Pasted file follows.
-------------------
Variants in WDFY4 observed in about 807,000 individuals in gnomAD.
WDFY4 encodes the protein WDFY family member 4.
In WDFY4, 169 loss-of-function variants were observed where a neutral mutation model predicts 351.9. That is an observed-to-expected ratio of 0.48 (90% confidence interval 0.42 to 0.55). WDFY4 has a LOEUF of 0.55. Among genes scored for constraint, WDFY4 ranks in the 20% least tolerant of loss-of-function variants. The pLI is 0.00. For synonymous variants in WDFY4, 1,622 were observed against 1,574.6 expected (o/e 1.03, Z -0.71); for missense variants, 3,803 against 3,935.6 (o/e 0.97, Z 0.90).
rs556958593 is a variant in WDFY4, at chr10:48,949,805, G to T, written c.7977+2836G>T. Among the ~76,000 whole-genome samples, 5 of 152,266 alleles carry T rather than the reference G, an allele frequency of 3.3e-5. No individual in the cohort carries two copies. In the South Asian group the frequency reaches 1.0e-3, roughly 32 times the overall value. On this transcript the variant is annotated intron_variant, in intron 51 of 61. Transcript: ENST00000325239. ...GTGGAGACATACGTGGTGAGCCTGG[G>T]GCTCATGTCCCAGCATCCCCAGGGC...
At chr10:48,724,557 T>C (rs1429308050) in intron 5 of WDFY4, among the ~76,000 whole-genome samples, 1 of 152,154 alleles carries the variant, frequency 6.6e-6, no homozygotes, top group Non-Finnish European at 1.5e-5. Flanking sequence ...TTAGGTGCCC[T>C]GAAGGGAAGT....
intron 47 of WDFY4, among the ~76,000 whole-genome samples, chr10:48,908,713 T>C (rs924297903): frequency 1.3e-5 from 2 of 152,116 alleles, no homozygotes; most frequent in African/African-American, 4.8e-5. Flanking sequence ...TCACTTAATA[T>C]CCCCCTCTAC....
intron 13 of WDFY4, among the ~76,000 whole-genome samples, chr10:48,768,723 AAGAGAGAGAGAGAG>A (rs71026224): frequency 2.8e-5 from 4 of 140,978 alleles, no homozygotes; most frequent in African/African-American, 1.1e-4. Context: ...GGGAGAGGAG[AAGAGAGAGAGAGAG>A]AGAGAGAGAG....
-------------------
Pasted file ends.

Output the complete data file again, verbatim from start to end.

Variants in WDFY4 observed in about 807,000 individuals in gnomAD.
WDFY4 encodes the protein WDFY family member 4.
In WDFY4, 169 loss-of-function variants were observed where a neutral mutation model predicts 351.9. That is an observed-to-expected ratio of 0.48 (90% confidence interval 0.42 to 0.55). WDFY4 has a LOEUF of 0.55. Among genes scored for constraint, WDFY4 ranks in the 20% least tolerant of loss-of-function variants. The pLI is 0.00. For synonymous variants in WDFY4, 1,622 were observed against 1,574.6 expected (o/e 1.03, Z -0.71); for missense variants, 3,803 against 3,935.6 (o/e 0.97, Z 0.90).
rs556958593 is a variant in WDFY4, at chr10:48,949,805, G to T, written c.7977+2836G>T. Among the ~76,000 whole-genome samples, 5 of 152,266 alleles carry T rather than the reference G, an allele frequency of 3.3e-5. No individual in the cohort carries two copies. In the South Asian group the frequency reaches 1.0e-3, roughly 32 times the overall value. On this transcript the variant is annotated intron_variant, in intron 51 of 61. Transcript: ENST00000325239. ...GTGGAGACATACGTGGTGAGCCTGG[G>T]GCTCATGTCCCAGCATCCCCAGGGC...
At chr10:48,724,557 T>C (rs1429308050) in intron 5 of WDFY4, among the ~76,000 whole-genome samples, 1 of 152,154 alleles carries the variant, frequency 6.6e-6, no homozygotes, top group Non-Finnish European at 1.5e-5. Flanking sequence ...TTAGGTGCCC[T>C]GAAGGGAAGT....
intron 47 of WDFY4, among the ~76,000 whole-genome samples, chr10:48,908,713 T>C (rs924297903): frequency 1.3e-5 from 2 of 152,116 alleles, no homozygotes; most frequent in African/African-American, 4.8e-5. Flanking sequence ...TCACTTAATA[T>C]CCCCCTCTAC....
intron 13 of WDFY4, among the ~76,000 whole-genome samples, chr10:48,768,723 AAGAGAGAGAGAGAG>A (rs71026224): frequency 2.8e-5 from 4 of 140,978 alleles, no homozygotes; most frequent in African/African-American, 1.1e-4. Context: ...GGGAGAGGAG[AAGAGAGAGAGAGAG>A]AGAGAGAGAG....